As if aiming to confirm all my prejudices, a group of officers launched into a series of anecdotes about things they had done, proudly claiming to have attacked and maimed, charged at, and beaten the young men who were rioting. I think the most terrifying story was a cop who boasted of driving as fast as he could at “a —–” who was thrown over the top of the car. I realise, now, that this might have been empty boasting and, obviously, if so it is possible that the young man in question was not pathologically violent. Even so, that this was an acceptable, if empty, boast on a calm sunny afternoon in a leafy part of Oxford tells you something quite unpleasant about the culture of the Met at that time. They openly relayed their experiences of “fitting up” young black men. Though they didn’t use the phrase “young black men”. They used language I have not heard before or since — describing their victims as (specific) animals, using the “n” word in every sentence, always modified by a swear word. At one point, despite being in a charming back garden in Iffley, I was afraid for my own safety. I left early.

During episode 2 of the podcast a (then) young lad describes how being arrested, abused and fitted up affects you — for years you view every uniformed cop you see with fear and suspicion. In my case, this party had roughly that effect on me.

Not much later I learned that being arrested, beaten up, and fitted up has a stronger effect. In 1985 at the final London demonstration in support of the (failing) Miner’s Strike, a group of police officers, unprovoked, charged my section of the march. One officer knocked me over, then he and another officer hit me repeatedly (fists!!) as I tried to stand up. They dragged me into a van where, along with 4 or 5 other people, all of us on the floor, I was systematically kicked by the officers, who were seated either side of us. In front of us, and with no embarrassment, they decided who was going to lie for whom in court, and told each other what to say. Two officers (the arresting officer and another officer, who had not actually witnessed what happened, but enjoyed kicking me in the van) subsequently told contradictory lies at my trial (these men did not strike me as particularly bright – they really did talk in clichés, just like off the telly, and either couldn’t, or couldn’t be bothered to, get their stories straight). Being attacked and beaten up, and then kicked, and lied about, is all quite bad. But the worst thing was being in a hot, airless, cell in Bow Street station for 12 hours or so. The first 5 I was alone, going slowly crazy, at some points wondering whether I had, in fact, thrown a petrol bomb as they had said (I know I hadn’t, because i) I have a good memory, ii) I wouldn’t and ii) none were thrown), and constantly trying to remind myself that it was quite rare for people to die in police custody. The addition of a second, and then a third, person to the cell improved things a little, but only after I realized that they, too, were unlikely to be violent criminals (I later learned that one of them was, indeed, a violent criminal, something he basically indicated even when we were in the cell). We were released into central London long after the tube and busses had stopped for the night.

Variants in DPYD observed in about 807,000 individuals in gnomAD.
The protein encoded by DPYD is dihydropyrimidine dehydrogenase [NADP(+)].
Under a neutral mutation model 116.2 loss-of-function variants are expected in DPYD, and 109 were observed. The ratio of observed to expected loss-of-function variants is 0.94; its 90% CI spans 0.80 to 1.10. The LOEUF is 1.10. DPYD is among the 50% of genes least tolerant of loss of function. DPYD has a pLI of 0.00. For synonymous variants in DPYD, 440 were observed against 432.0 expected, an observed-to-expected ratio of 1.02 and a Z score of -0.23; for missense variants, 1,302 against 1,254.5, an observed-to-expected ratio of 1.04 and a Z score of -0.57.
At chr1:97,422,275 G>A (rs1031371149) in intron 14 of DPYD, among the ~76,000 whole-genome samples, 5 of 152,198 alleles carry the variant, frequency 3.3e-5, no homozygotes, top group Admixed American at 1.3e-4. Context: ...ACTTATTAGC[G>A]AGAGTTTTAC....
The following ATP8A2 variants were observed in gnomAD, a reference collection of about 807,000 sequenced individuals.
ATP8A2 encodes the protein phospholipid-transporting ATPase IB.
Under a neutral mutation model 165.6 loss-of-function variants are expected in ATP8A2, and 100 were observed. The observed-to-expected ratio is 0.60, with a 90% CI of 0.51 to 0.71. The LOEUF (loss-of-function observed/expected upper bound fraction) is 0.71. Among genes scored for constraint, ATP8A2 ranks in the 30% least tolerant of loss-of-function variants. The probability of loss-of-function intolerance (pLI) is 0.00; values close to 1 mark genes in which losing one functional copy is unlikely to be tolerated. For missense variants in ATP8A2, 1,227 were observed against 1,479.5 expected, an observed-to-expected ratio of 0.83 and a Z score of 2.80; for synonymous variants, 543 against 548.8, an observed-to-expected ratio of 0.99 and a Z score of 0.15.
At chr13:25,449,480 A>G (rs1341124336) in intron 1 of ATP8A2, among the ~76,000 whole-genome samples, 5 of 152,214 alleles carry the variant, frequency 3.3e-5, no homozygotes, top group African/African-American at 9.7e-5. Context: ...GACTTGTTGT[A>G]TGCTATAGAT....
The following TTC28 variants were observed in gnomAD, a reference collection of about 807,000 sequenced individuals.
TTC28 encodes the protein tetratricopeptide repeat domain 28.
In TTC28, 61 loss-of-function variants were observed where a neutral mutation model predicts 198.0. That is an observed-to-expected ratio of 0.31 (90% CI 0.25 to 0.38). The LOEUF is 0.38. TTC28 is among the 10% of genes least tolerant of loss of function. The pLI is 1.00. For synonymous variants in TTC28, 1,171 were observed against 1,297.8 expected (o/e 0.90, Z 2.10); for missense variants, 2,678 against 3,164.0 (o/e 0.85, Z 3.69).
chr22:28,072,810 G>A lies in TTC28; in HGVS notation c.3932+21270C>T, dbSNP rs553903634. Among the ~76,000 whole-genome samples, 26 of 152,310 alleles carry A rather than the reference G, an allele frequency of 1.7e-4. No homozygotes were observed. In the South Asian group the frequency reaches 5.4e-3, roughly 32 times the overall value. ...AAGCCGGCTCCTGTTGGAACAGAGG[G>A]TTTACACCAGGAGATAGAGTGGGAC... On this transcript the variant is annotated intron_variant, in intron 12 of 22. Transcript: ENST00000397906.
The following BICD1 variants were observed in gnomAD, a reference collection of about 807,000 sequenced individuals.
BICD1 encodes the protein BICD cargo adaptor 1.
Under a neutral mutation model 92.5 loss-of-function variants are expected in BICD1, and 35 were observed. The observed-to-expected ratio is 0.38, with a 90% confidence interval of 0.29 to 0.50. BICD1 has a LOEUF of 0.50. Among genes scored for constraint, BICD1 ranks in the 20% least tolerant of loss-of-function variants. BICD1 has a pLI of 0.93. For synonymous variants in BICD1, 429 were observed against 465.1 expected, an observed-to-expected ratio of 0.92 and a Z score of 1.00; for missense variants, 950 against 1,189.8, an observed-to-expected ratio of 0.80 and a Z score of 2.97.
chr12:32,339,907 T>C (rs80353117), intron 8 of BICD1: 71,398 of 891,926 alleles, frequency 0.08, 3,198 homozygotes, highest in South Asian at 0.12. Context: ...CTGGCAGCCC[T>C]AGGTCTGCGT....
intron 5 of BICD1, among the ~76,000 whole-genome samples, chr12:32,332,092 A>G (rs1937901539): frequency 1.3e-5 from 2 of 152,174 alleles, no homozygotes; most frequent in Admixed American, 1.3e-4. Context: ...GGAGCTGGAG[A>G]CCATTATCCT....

I was white, middle class, a successful student, and not especially surprised by the behavior. My dad (unbeknownst to me) knew senior officers in the Met (whom he’d worked with while at ILEA). I could walk away. My college tutor enthusiastically testified to my character at the trial. Everything was in my favour. Still, it was at least 2 decades before I could see a police car or uniformed officer without an immediate jolt of anxiety, and even now I have to work to control my immediate suspicion when encountering a police officer.

Imagine a community in which a very large number of young men, many of them underemployed or unemployed, few of them with skills highly valued in the labour market, all subject to considerable discrimination by employers, none of them with parents who in the ordinary course of their working day can ask a senior police officer what the hell is going on, or a posh-sounding Philosophy Professor to testify to their character in the joke of a trial, but all of them related to numerous other people who trust them, know they’re telling the truth, have had that experience or something like it, over a period of 15 years. That’s the story that Brixton: Flames on the Frontline tells.

[1] I should say that, although she didn’t inhabit a workplace like that, my grandmother hadn’t the slightest difficulty believing it. My mother didn’t tell her about what had happened till the trial was done with, for fear of worrying her. In fact, my grandmother’s immediate response to the story was “Of course. The police are like that!”. I assume that she immediately told her brother about it, because 2 days later a card turned up from my great uncle and his family, telling me how proud of me they were, and enclosing a cheque that exactly covered the fine. But they grew up in the Rhondda, so what else did I expect?



SamChevre 06.24.21 at 10:09 pm

“People say we were racist. But Blacks had moved into that area, and we treated them the way that we treated the people who had lived there before”.

This is a big piece of the story, and I think under-told.